His influence on Altivia thus might become the counter to her pragmatism as she comes to realize the reality of our universe (perhaps she’ll even discover coffee!) and that of Walter’s role in the great scheme of things. Maybe Peter’s relationship with Altivia (whom he thinks is Olivia) will be conducive to turning Altivia to our side, as he will probably confide in her the full story behind his abduction, i.e. that Walter only did it out of misguided love, because he couldn’t bear the thought, after losing Peter 1.0, to lose Peter 2.0 as well.

Once again, it becomes evident that the concept of good and evil isn’t black and white at all. Perception of events, emotions and people, combined with veils that keep us from the truth (or from understanding the truth) are paramount in this discussion.

In her rather unusual situation, Altivia is forced to literally put herself in someone else’s shoes (something we are often encouraged to do in real life) and it offers a great opportunity to explore the concept. This reality is going to be all the more interesting since Altivia is being told one thing by Walternate and Newton, and is going to see something quite different at the grassroots. I’m wondering if at first, Altivia is going to feel forced to take on Olivia’s opinions about our universe (for example when she tells Peter, regarding what Walter did: “he couldn’t have known how hard it would be”) only to come to realize that they make sense, despite what Walternate and Newton tell her.

Of course one can’t mention Altivia without mentioning the little physical differences between her and Olivia. The Fringe production did an amazing job, and so does Anna Torv. Has anyone noticed how Altivia is wearing Olivia’s clothes, but that she looks far less sharp in them? Has anyone also noticed how Altivia’s hair isn’t the perfect curtain of glossy blond hair Olivia’s is? These little differences emphasize the differing points of view and situations of Altivia and Olivia.

Of course, despite her amazing capabilities as a Fringe Division agent and the level of preparation Newton is providing, Altivia is only human and is bound to make mistakes. There are two noticeable moment in “The Box.” The first one occurs in the bar, when Altivia comments that she loves the song playing. Of course, according to Peter, she has never previously expressed even an interest in music. Her second mistake was, of course, when she doesen’t call Peter before checking out Blake’s house. However, she covers both her mistakes quite well, proving that Altivia is just as formidable an opponent as Olivia is.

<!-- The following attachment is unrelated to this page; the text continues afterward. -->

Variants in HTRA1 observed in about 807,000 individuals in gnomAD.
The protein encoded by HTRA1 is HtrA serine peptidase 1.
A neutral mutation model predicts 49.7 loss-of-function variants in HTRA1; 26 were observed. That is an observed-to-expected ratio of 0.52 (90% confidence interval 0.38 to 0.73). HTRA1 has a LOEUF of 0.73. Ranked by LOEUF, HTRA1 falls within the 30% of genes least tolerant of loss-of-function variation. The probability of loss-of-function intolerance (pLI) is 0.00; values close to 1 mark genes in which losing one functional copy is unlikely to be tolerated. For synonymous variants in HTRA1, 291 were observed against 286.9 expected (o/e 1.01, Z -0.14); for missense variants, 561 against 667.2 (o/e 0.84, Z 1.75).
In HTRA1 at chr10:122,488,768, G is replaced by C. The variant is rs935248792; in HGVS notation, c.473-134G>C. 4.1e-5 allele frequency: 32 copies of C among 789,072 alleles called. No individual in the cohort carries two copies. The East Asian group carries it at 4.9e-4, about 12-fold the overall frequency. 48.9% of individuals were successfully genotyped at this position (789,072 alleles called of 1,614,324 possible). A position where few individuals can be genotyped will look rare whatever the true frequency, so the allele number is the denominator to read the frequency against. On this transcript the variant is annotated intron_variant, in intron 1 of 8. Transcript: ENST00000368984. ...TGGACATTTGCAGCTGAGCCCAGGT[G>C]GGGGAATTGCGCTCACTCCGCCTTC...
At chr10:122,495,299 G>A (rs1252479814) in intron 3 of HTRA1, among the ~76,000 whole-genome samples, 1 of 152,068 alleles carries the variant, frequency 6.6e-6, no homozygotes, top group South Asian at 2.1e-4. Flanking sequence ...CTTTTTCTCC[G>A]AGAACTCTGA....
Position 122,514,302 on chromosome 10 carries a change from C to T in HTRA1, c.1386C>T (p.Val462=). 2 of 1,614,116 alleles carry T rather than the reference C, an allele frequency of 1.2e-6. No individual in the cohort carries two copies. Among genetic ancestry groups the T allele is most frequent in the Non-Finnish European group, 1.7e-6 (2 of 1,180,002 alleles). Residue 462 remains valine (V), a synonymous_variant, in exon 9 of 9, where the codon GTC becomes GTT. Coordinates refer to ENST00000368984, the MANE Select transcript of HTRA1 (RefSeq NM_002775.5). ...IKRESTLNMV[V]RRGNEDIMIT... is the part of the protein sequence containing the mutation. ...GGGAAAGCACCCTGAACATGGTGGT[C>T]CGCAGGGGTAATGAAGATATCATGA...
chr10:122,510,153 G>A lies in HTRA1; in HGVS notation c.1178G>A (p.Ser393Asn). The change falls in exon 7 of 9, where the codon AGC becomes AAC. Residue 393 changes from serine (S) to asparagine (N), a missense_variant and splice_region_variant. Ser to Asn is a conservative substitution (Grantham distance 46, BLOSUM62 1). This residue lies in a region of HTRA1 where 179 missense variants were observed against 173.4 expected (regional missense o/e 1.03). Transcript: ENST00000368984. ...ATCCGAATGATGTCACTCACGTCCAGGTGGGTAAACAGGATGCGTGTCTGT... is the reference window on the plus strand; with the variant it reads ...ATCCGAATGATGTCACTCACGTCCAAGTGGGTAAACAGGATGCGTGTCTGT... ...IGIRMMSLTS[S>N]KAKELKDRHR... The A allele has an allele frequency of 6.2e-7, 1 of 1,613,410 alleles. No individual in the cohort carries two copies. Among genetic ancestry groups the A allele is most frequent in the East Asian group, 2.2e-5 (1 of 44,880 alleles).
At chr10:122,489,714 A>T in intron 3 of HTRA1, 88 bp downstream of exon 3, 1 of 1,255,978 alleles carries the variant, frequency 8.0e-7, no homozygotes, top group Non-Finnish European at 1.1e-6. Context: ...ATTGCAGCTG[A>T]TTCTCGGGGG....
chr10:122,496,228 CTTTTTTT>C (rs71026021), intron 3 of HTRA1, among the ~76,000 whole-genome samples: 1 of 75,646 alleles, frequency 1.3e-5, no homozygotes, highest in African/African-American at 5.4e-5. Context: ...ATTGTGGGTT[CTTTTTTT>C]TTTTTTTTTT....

This is why I believe that the mistakes Altivia makes that will blow her cover are not related to procedures or personal things, but rather related to the differences between her personality and Olivia’s. At the forefront is the fact that Olivia is tough but kind, whereas Altivia has a mean streak a mile wide. Just think of the way she speaks to Newton, years her senior both in age and in experience. While Altivia does need to make sure her position as head of this operation is respected, the way she does it is quite disconcerting to long term fans, who associate Anna Torv’s face with a kind type of toughness.

Unless, of course, associating with our universe starts having an effect on her. Why, for instance, does she save Peter in the subway?If it is only a mission for her, to save the most important item of the machine-bound to save her universe, then why does her face reflect concern on a more personal level?

Only time can tell; stay tuned for the review for Season 3’s third episode, “The Plateau.”

First published here on Blogcritics.